Anyway, we have the kitten locked in the master bathroom for a few days as part of the process of introducing him to the rest of the household. He’s a bundle of energy, so I thought it would be amusing to setup the video camera to record his activity until it ran out of space, then I could edit it into a fun highlights video. As it turns out, however, all that energy is just for show. With no one watching, he just slept for an hour and a half.

I managed to salvage something, however, by compressing the video timeline. Here’s Hotch asleep for an hour and a half, shown at 50 times normal speed:

If you haven’t had enough, here’s the whole set of photos of Hotch.

6 Responses to Meet the New Cuteness

  1. Hi!
    Beautiful kitten. We just lost our older Ragdoll and we have a 12 yr old female still at home. We have made a deposit on 2 kittens and will hopefully pick them up this weekend. Ragdolls are wonderful!
    Glad you are having a great experience. We are excited to meet ours. We have a 6hr ride. Did you have to travel?
    Greatly enjoyed the video!
    Congratulations on your ragdoll baby!

  2. Hi,
    I have decided I want a rag doll. My problem I have is everyone wants you to pay 700 and up for a spayed/neutered kitten. I feel that if I am spending that much money I should have a choice. I don’t plan on breeding it but what if I wanted a baby to my cat later? I understand they are trying to keep the breed as pure as possible but why do they get the say? Then like you said some places want the right to take the animal back with no refund. Its confusing to me. Any help would be appreciated.


  3. It’s not just about keeping the breed pure. It’s also about keeping the cat population from growing so fast that many are abandoned.

    Of course it is also about discouraging competition by limiting the number of Ragdolls being born. The breeder who created the Ragdoll line originally tried to control it with detailed breeding contracts that severely limited what other breeders could do without her permission. In some ways, it’s a sort of intellectual property protection on Ragdoll DNA.

  4. Hi! I found your post while researching Dr Woll. We have an 11month old ragdoll from Jennifer and she is in good health. However, I’ve found some horror stories about Jennifer on some websites and they’ve got me very concerned about the future health of our kitten. If you don’t mind me asking, how has Hotch’s health been?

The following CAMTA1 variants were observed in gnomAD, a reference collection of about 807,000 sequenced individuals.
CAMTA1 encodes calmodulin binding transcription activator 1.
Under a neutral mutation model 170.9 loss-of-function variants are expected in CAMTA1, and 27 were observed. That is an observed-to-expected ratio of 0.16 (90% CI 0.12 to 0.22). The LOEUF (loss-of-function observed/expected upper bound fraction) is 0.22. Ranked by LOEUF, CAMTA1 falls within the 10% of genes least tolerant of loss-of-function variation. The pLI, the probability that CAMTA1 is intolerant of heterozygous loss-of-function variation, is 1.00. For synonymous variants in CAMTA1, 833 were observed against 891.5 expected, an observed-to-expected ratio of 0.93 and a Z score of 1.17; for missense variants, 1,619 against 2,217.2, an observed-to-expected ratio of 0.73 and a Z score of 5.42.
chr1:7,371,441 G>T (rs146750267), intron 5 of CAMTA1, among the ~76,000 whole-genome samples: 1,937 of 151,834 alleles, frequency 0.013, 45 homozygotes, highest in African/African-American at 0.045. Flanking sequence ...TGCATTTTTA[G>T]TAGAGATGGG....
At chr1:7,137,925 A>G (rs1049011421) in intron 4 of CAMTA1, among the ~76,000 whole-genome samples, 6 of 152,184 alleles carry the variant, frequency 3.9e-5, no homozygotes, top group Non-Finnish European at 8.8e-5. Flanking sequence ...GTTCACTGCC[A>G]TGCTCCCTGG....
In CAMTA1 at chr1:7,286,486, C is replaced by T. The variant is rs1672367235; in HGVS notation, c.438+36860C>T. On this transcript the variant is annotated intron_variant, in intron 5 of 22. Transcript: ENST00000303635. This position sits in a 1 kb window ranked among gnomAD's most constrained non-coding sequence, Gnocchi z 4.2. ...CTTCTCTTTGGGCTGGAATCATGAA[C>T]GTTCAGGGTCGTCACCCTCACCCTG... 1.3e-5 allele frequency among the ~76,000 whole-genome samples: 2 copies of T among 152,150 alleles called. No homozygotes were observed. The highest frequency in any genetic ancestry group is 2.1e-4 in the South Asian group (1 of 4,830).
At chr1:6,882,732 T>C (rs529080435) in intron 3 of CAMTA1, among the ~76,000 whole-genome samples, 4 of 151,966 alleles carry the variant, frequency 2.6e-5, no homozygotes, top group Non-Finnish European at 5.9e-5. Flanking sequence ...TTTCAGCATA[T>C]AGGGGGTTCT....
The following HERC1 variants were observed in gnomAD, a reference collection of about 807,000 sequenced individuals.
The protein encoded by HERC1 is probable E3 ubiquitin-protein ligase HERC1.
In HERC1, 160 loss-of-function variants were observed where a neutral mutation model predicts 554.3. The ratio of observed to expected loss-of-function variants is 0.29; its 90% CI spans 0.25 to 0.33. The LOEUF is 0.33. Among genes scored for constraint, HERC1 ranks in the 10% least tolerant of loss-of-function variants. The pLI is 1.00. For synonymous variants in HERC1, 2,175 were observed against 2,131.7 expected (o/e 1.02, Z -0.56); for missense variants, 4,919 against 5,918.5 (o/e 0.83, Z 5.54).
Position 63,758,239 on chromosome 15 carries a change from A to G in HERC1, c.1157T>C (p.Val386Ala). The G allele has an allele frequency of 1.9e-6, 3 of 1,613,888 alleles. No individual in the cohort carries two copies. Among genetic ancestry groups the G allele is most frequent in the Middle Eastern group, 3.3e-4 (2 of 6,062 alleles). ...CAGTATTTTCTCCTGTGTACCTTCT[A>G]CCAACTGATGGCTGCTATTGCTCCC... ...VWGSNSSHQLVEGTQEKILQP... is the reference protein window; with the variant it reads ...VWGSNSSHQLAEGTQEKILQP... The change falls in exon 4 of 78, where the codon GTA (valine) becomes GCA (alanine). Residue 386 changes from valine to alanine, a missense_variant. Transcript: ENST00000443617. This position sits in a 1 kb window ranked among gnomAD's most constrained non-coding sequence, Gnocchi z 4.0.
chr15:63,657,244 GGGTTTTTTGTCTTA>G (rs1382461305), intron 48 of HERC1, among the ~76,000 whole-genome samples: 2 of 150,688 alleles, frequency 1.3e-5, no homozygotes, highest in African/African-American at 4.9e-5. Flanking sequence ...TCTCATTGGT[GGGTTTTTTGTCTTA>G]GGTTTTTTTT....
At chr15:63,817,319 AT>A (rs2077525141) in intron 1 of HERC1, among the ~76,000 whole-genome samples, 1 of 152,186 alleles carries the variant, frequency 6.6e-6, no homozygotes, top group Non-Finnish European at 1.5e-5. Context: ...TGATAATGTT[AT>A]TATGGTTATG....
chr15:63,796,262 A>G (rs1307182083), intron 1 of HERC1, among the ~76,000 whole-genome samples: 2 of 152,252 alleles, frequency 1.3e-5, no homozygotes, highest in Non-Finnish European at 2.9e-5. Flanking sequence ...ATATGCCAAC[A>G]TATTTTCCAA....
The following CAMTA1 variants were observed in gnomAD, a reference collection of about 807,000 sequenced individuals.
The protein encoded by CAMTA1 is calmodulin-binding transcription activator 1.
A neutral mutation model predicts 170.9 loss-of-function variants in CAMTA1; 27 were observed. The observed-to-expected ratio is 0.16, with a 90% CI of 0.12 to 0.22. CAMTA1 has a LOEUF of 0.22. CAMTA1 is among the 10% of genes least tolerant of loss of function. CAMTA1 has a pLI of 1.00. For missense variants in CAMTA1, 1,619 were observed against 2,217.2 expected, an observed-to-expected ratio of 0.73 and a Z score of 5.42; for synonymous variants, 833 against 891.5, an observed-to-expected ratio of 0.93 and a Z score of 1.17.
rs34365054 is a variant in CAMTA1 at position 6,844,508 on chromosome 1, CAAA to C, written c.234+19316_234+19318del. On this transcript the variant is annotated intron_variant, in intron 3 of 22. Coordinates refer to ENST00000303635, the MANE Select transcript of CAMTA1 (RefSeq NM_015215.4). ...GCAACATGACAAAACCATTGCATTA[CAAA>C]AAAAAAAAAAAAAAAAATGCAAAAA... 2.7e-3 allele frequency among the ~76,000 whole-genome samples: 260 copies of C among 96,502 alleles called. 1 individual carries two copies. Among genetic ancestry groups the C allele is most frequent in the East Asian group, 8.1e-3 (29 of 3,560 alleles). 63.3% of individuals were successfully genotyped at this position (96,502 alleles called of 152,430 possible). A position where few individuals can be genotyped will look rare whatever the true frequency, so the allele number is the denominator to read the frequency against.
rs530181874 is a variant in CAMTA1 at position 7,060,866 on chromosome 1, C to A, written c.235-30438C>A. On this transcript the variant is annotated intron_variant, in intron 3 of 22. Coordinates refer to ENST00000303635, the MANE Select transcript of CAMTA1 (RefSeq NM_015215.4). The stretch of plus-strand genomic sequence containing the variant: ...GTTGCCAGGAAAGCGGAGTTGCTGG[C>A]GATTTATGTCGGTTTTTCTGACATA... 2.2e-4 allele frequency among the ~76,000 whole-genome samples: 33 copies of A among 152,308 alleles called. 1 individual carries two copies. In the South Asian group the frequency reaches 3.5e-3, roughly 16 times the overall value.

• Hello anonymous,
      I know better than anyone the lengths that Dr Jenn goes to in order to make sure her kittens are as healthy as can be and that the adults are also cared for to the best of her ability. The website you mentioned and the horror stories listed on there, to put it as nicely as I can, are garbage. She has been breeding these cats for close to 20 years and she continually looks for ways to improve the quality of her cats. So over 20 years of kittens and there are less than a handful of complaints. Unfortunately kittens and adult cats can get sick and bad things can happen but Jenn tries everything she can to minimize this risk. Please do not worry, and just enjoy your kitten and also trust that Jenn stands behind her work with these kittens. And I stand behind her as I am married to her.

  5. Beezle is now just over 2.5 years old, and he’s been the most vigorously healthy cat we’ve ever owned. He does tend to play aggressively — a common problem with cats adopted early — but the other cats have kept him in line, and we know a trick or two ourselves. (He’s not mean, he’s play-fighting: He doesn’t attack hard enough to break skin with teeth or claws.) My dentist adopted two of Dr. Woll’s cats shortly after we did, and I just confirmed with her that she hasn’t seen any health problems with either of them. Personally, I’m not worried.